There was a rather glaring weakness of the Elon University football team last season, the defense. The unit was easily the least effective on the Phoenix, and that will have to change if Elon hopes to improve on last season’s disappointing 5-6 finish.
One could argue that the defense cost the team one or two wins, but, to be fair, they were occasionally set up deep in their own territory following a Thomas Wilson interception or a lost fumble.
Having said that, the defense could certainly use improvement going into next year. There’s no doubt that their inability to stop the opposing team’s offense ultimately cost the Phoenix the game. A perfect example is last year’s game against nationally ranked Appalachian State on November 19, Elon’s home finale.
Leading by three touchdowns at halftime, the Phoenix defense was unable to stop the prolific Appalachian State offense in the second half, resulting in a 21-3 run by the Mountaineers that ultimately led to their 28-24 win.
I also want to point out that the Mountaineers comeback was not just the result of the Phoenix defense’s inability to get a second half stop. The Mountaineers were a top ten team, with a prolific offense capable of scoring points in bunches. When the App State offense found their groove, few FCS defenses could stop their onslaught of quick playmakers on the outside.
Still, the Elon defense can’t blow multiple touchdown leads like in the game against App State. They can’t allow 7 opponents to score more than 30 points in a game like they did last year. That won’t work. They can’t expect quarterback Thomas Wilson and the offense to outscore their opponents in every game.
The defense must pull its own weight in order for the Phoenix to improve next season. The offense, dangerous as it can be, can’t continue to carry the team going forward.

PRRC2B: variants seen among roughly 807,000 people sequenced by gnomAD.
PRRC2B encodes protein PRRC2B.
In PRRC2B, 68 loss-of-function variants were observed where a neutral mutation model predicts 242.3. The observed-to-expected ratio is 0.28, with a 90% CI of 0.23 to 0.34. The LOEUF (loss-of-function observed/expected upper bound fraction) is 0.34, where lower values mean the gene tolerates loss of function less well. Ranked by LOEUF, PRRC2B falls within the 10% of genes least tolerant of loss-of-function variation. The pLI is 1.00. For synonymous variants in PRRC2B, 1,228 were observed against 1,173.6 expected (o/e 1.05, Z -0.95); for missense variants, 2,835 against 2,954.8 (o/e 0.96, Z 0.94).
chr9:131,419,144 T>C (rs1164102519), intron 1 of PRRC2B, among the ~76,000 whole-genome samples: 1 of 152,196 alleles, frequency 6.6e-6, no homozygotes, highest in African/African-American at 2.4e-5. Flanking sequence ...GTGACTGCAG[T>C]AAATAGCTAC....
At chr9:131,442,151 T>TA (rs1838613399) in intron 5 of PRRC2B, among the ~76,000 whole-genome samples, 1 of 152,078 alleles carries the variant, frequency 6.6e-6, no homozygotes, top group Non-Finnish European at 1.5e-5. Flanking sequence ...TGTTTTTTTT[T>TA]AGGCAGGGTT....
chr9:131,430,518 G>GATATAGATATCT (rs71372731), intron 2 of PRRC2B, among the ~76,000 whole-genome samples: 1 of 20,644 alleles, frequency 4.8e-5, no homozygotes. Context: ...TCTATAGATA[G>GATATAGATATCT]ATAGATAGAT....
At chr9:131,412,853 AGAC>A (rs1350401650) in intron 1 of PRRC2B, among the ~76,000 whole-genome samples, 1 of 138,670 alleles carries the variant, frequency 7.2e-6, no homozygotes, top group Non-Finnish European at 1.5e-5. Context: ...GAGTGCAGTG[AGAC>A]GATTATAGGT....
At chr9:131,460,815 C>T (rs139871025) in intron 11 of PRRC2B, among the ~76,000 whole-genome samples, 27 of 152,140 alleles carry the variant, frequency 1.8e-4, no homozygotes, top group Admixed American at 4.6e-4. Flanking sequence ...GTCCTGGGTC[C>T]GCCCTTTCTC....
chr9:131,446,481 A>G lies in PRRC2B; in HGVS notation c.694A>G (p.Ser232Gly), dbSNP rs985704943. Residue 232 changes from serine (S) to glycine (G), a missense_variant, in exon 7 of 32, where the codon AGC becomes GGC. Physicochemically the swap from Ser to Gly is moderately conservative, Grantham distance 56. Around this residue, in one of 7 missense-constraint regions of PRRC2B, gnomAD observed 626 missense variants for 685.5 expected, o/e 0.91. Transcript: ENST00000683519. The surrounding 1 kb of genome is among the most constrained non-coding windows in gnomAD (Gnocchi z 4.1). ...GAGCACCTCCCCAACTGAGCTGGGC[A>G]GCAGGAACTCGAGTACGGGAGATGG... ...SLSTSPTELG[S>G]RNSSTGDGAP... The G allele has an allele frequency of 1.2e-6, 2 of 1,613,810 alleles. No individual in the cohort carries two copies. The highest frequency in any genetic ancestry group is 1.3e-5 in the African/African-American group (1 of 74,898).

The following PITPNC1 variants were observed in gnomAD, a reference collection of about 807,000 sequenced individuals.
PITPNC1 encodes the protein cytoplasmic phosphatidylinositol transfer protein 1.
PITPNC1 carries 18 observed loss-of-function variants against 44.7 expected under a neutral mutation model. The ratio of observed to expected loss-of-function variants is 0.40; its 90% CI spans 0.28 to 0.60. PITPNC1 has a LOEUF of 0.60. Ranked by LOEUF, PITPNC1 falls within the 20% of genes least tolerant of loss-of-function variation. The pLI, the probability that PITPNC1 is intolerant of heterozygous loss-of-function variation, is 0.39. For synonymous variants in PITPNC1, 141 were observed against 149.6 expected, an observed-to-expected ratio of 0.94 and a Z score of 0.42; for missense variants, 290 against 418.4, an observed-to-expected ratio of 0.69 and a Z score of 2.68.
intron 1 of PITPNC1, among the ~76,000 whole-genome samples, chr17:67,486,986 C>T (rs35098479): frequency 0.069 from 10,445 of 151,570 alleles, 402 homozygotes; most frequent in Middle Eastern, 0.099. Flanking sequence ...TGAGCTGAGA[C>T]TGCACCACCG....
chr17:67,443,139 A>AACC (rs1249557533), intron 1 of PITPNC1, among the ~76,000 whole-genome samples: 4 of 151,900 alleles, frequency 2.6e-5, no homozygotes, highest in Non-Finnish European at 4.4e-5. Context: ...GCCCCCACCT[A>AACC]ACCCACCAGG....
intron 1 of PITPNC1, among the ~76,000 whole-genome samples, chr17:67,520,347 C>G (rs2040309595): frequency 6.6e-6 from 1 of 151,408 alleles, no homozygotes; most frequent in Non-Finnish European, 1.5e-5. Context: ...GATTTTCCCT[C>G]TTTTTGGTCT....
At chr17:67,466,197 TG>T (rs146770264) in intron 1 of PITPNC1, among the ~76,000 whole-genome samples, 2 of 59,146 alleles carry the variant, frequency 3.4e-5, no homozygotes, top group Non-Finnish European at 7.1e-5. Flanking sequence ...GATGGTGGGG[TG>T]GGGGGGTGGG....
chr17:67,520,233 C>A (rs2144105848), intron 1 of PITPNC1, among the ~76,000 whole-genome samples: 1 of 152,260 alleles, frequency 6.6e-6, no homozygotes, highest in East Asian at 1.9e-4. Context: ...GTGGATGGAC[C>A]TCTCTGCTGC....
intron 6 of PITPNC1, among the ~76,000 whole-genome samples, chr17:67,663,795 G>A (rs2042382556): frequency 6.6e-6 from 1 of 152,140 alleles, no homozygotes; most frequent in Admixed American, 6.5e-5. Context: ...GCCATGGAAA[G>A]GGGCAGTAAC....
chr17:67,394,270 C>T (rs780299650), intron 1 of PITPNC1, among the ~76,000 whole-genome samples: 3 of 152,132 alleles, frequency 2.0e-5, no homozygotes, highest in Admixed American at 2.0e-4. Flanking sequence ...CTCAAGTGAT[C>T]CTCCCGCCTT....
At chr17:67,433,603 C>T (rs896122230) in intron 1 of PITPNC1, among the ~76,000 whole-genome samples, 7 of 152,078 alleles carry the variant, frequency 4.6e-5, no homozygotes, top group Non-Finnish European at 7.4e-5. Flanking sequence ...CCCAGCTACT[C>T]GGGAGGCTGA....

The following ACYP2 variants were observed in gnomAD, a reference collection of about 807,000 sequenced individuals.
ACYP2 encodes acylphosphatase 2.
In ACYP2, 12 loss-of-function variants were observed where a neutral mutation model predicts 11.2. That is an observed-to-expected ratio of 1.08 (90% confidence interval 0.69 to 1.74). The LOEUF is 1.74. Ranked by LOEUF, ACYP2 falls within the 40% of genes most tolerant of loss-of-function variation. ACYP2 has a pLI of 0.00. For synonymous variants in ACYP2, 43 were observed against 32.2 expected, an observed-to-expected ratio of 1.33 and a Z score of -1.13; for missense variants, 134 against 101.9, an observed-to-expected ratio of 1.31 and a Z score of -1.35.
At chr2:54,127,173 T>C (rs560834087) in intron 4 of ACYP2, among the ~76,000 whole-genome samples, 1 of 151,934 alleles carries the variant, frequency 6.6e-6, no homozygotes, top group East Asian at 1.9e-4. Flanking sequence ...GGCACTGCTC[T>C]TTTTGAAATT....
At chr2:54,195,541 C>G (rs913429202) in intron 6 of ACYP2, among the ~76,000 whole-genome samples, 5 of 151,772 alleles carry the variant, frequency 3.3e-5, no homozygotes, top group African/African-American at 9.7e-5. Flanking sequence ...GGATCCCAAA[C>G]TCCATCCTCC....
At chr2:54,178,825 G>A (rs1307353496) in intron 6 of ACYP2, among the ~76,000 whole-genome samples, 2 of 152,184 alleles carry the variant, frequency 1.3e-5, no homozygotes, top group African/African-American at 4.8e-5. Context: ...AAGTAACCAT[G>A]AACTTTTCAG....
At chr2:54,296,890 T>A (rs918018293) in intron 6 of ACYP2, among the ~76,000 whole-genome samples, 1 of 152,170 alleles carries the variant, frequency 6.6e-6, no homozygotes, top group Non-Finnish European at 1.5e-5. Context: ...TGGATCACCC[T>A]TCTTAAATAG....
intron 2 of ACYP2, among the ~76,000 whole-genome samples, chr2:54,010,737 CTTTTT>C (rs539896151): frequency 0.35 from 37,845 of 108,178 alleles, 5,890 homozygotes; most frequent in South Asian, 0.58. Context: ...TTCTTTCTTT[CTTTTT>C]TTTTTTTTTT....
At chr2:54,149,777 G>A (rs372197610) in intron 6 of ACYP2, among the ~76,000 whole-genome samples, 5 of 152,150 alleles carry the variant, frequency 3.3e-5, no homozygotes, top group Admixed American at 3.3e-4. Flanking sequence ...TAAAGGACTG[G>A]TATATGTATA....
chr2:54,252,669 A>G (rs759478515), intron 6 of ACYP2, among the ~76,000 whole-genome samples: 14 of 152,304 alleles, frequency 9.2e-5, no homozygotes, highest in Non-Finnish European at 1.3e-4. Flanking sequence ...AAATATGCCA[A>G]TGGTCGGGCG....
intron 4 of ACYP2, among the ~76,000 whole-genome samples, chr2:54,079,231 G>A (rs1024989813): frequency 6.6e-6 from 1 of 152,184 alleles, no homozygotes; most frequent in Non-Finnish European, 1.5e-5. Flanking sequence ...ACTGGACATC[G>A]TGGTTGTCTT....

I’ve seen flashes of defensive brilliance from the Phoenix. I saw them yield just 15 in the game against The Citadel. I saw them completely dominate Appalachian State in the first half, allowing just 3 points to the dynamic Mountaineer offense.
I’ve just not seen it enough. I’ve seen too many games in which the opposing team’s offense marches down the field and scores drive after drive. Thomas Wilson and Aaron Mellette form a dangerous tandem, but they can’t always escape from the hole their defense leaves them.
It’s fair to point out that last year’s defense was under the tutelage of an entirely new coaching staff brought in by newly hired Jason Swepson. That could account for one reason as to why the defense struggled so mightily last year.
But I’m not buying it. I don’t want to hear people using the new coaching staff as in excuse. The fact of the matter is that the defense was not very good last year, that they need drastic improvement in order to compete with the elite in the Southern conference.
One can see at any level of football that a team with a prolific offense can only go so far with a less-than-stellar defense. The Phoenix defense can certainly improve. The impressive Spring Game performance by both the first and second string defenses is a huge step in the right direction.
But I want to see them stop the best offenses college football has to offer. I want them to show me they can limit the offenses of Southern Conference foes Georgia Southern and Appalachian State. Only then will I consider the Phoenix a threat to win their conference and earn a trip to the FCS playoffs.